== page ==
As with any vaccine, your body may react to the vaccine as those antibodies are being made.  Not everyone will experience this reaction. Below are the most common:

  • You may experience have short-term discomfort:  fatigue, headache, muscle pain, chills, fever and pain at injection site after vaccination

  • These reactions will last for 24-48 hours and are typically more pronounced after the second dose

  • Side effects mean your body is doing its job and making antibodies (IT IS A GOOD THING)

  • These are normal, common and expected

  • If your Doctor has told you it is OK, you can take Tylenol or Ibuprofen prior to receiving the vaccine as well as for the first few days following receiving to minimize such reactions.

When will I be protected? How long will I be immune?

  • Most of the vaccines are 2 doses

  • Protection occurs 1-2 weeks after the second dose

We will most likely not know how long the vaccine will be protective once we receive it.  We will know more as more time passes in the current research. It is possible we may need to have vaccine shots for COVID-19 on a regular basis (like the flu shot).

How many people need to get a COVID- 19 vaccine for herd immunity?

​Herd immunity means that enough people in a community are protected from getting a disease because they’ve already had the disease or they’ve been vaccinated. Herd immunity makes it hard for the disease to spread from person to person, and it even protects those who cannot be vaccinated, like newborns.
While experts don’t yet know what percentage of people would need to get vaccinated to achieve herd immunity, vaccination is a safer way to build protection than getting sick with COVID-19. Have a question about COVID-19 vaccines? Click here.

Will we still need to wear face masks?

Similar to other types of vaccines, a large number of people in the community will need to get vaccinated before transmission drops enough to stop the use of masks.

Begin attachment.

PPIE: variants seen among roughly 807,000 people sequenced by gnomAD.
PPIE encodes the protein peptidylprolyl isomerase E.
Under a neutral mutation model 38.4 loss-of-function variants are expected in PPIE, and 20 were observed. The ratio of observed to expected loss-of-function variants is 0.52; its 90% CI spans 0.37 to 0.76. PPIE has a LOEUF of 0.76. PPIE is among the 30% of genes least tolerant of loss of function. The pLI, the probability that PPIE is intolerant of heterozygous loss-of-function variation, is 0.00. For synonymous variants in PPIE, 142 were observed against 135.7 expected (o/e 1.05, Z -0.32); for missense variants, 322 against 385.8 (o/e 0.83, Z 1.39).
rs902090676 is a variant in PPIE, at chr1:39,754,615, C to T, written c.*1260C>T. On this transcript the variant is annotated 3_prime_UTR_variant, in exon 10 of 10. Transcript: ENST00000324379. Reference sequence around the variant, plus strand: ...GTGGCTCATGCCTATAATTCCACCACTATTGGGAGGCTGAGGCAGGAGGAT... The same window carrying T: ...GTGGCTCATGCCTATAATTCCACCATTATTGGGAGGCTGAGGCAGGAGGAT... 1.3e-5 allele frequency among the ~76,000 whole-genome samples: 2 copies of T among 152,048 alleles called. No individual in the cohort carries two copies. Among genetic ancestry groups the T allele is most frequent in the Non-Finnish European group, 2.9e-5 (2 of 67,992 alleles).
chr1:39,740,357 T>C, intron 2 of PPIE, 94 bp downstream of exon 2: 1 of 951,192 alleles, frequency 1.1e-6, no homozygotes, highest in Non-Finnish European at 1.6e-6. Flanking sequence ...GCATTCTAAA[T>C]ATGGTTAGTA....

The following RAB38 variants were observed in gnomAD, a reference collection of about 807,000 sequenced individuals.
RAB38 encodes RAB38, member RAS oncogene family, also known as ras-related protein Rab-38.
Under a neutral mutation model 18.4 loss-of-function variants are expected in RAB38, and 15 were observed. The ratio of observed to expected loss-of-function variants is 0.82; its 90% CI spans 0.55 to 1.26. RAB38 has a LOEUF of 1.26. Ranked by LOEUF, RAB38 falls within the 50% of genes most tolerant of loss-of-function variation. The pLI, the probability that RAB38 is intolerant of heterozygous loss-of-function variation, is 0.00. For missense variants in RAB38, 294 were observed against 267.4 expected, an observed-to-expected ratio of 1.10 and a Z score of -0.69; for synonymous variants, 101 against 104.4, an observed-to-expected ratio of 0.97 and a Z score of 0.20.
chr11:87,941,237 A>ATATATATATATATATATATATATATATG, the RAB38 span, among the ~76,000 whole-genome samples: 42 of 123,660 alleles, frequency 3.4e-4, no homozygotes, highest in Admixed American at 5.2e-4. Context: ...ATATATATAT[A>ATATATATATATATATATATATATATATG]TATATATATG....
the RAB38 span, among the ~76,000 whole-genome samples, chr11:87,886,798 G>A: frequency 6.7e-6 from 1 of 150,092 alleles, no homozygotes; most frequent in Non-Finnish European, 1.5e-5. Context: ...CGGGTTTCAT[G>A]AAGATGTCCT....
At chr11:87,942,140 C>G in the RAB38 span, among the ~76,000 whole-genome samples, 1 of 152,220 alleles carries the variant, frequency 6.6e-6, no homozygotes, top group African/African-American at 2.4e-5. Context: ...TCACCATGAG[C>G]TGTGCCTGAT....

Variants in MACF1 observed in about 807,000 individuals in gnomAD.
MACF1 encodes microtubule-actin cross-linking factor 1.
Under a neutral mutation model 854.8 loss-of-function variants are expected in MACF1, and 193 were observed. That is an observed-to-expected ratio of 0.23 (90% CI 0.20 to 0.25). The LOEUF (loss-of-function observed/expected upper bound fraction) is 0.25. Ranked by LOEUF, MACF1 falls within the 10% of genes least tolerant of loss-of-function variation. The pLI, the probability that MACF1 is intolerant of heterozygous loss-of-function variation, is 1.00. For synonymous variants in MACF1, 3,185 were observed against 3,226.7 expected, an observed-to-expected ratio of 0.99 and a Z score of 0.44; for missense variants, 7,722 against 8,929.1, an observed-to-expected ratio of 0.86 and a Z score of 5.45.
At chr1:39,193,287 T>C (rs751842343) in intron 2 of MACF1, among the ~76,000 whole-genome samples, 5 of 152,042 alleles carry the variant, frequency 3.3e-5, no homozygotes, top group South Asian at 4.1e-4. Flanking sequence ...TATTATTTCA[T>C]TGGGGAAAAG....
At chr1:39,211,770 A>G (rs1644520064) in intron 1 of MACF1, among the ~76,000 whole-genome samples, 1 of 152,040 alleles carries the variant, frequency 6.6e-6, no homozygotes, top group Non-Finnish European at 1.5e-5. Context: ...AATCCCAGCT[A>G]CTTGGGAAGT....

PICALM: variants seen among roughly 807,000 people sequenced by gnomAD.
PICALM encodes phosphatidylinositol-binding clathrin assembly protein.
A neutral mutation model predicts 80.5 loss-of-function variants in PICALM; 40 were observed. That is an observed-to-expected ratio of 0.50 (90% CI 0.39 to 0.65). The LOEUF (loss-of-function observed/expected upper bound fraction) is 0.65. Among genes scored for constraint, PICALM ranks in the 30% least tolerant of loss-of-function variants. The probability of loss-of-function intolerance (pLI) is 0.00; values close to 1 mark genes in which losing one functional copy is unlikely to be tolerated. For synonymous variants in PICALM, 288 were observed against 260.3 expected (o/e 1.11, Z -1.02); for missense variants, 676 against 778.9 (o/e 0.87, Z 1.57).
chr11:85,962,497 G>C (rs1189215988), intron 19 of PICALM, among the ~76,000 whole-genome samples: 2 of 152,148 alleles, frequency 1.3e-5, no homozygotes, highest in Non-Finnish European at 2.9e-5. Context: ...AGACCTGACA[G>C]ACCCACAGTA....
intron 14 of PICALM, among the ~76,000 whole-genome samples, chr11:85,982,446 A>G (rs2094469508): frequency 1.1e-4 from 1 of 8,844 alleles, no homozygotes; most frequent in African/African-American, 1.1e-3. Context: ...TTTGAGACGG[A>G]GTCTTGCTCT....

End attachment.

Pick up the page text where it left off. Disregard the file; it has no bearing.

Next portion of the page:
Is the vaccine safe?


  • Safety is the most important priority in vaccine approval

  • Everyone receiving the vaccine will be monitored following receiving it

  • Monitoring for safety will continue as the vaccine is distributed to the public

  • To assess safety FDA typically advises that a minimum of 3,000 participants are included in the trial.  The current COVID-19 vaccine trials include 30,000 to 50,000 participants

  • The FDA is using the same strict standards that it has for decades

  • No steps are “skipped”

  • The FDA has approved the Pfizer vaccine for use

Can Ebenezer residents and staff give consent or decline the vaccine?

Our residents and staff will be asked about their interest in receiving the vaccination and will be asked to sign a consent at some point prior to the vaccination being administered. If they choose to decline, they will be asked to sign a declination. The declination is not binding. Those within our community can receive the vaccine later, if they change their minds.

It is important to get information from reliable sources (CDC, AMDA, medical directors, medical providers, etc.). Here are some link to information: 

CDC: Vaccines & Immunizations 
CDC: About COVID-19 Vaccines
CDC: Provider Resources for COVID-19 Vaccine Conversations with Patients and Answering Patients’ Questions
Leading Age Minnesota 

November 2018
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January 2018